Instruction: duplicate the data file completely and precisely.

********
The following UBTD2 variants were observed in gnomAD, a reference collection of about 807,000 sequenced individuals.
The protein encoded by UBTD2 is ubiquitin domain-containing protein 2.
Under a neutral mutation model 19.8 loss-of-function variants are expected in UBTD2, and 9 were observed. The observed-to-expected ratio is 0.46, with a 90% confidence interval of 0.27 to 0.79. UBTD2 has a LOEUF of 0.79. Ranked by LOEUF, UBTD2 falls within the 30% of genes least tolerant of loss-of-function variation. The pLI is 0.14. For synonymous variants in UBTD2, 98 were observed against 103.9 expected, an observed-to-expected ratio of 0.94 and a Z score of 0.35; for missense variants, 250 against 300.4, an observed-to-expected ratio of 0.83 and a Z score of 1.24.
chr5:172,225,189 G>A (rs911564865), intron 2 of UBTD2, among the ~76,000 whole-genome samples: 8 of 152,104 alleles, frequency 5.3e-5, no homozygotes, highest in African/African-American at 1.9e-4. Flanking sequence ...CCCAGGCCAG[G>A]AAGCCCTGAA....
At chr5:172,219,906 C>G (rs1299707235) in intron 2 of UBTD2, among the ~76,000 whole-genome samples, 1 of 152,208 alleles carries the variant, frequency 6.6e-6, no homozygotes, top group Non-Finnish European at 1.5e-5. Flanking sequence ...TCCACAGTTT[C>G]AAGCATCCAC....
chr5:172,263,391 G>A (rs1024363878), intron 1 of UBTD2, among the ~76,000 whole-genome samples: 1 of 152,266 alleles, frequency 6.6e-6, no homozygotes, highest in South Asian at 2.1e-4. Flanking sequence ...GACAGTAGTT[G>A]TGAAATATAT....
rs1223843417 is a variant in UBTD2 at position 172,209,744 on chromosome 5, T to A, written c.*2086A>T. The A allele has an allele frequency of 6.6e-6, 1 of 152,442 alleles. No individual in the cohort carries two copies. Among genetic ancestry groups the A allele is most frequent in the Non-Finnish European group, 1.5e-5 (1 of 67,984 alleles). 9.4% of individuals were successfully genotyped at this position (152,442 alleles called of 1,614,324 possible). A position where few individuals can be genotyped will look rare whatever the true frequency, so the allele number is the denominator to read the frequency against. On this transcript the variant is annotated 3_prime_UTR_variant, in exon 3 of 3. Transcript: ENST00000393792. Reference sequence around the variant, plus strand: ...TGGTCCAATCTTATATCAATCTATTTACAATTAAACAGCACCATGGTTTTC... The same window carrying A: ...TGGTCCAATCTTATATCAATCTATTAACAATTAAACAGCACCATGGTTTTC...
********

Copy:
The following UBTD2 variants were observed in gnomAD, a reference collection of about 807,000 sequenced individuals.
The protein encoded by UBTD2 is ubiquitin domain-containing protein 2.
Under a neutral mutation model 19.8 loss-of-function variants are expected in UBTD2, and 9 were observed. The observed-to-expected ratio is 0.46, with a 90% confidence interval of 0.27 to 0.79. UBTD2 has a LOEUF of 0.79. Ranked by LOEUF, UBTD2 falls within the 30% of genes least tolerant of loss-of-function variation. The pLI is 0.14. For synonymous variants in UBTD2, 98 were observed against 103.9 expected, an observed-to-expected ratio of 0.94 and a Z score of 0.35; for missense variants, 250 against 300.4, an observed-to-expected ratio of 0.83 and a Z score of 1.24.
chr5:172,225,189 G>A (rs911564865), intron 2 of UBTD2, among the ~76,000 whole-genome samples: 8 of 152,104 alleles, frequency 5.3e-5, no homozygotes, highest in African/African-American at 1.9e-4. Flanking sequence ...CCCAGGCCAG[G>A]AAGCCCTGAA....
At chr5:172,219,906 C>G (rs1299707235) in intron 2 of UBTD2, among the ~76,000 whole-genome samples, 1 of 152,208 alleles carries the variant, frequency 6.6e-6, no homozygotes, top group Non-Finnish European at 1.5e-5. Flanking sequence ...TCCACAGTTT[C>G]AAGCATCCAC....
chr5:172,263,391 G>A (rs1024363878), intron 1 of UBTD2, among the ~76,000 whole-genome samples: 1 of 152,266 alleles, frequency 6.6e-6, no homozygotes, highest in South Asian at 2.1e-4. Flanking sequence ...GACAGTAGTT[G>A]TGAAATATAT....
rs1223843417 is a variant in UBTD2 at position 172,209,744 on chromosome 5, T to A, written c.*2086A>T. The A allele has an allele frequency of 6.6e-6, 1 of 152,442 alleles. No individual in the cohort carries two copies. Among genetic ancestry groups the A allele is most frequent in the Non-Finnish European group, 1.5e-5 (1 of 67,984 alleles). 9.4% of individuals were successfully genotyped at this position (152,442 alleles called of 1,614,324 possible). A position where few individuals can be genotyped will look rare whatever the true frequency, so the allele number is the denominator to read the frequency against. On this transcript the variant is annotated 3_prime_UTR_variant, in exon 3 of 3. Transcript: ENST00000393792. Reference sequence around the variant, plus strand: ...TGGTCCAATCTTATATCAATCTATTTACAATTAAACAGCACCATGGTTTTC... The same window carrying A: ...TGGTCCAATCTTATATCAATCTATTAACAATTAAACAGCACCATGGTTTTC...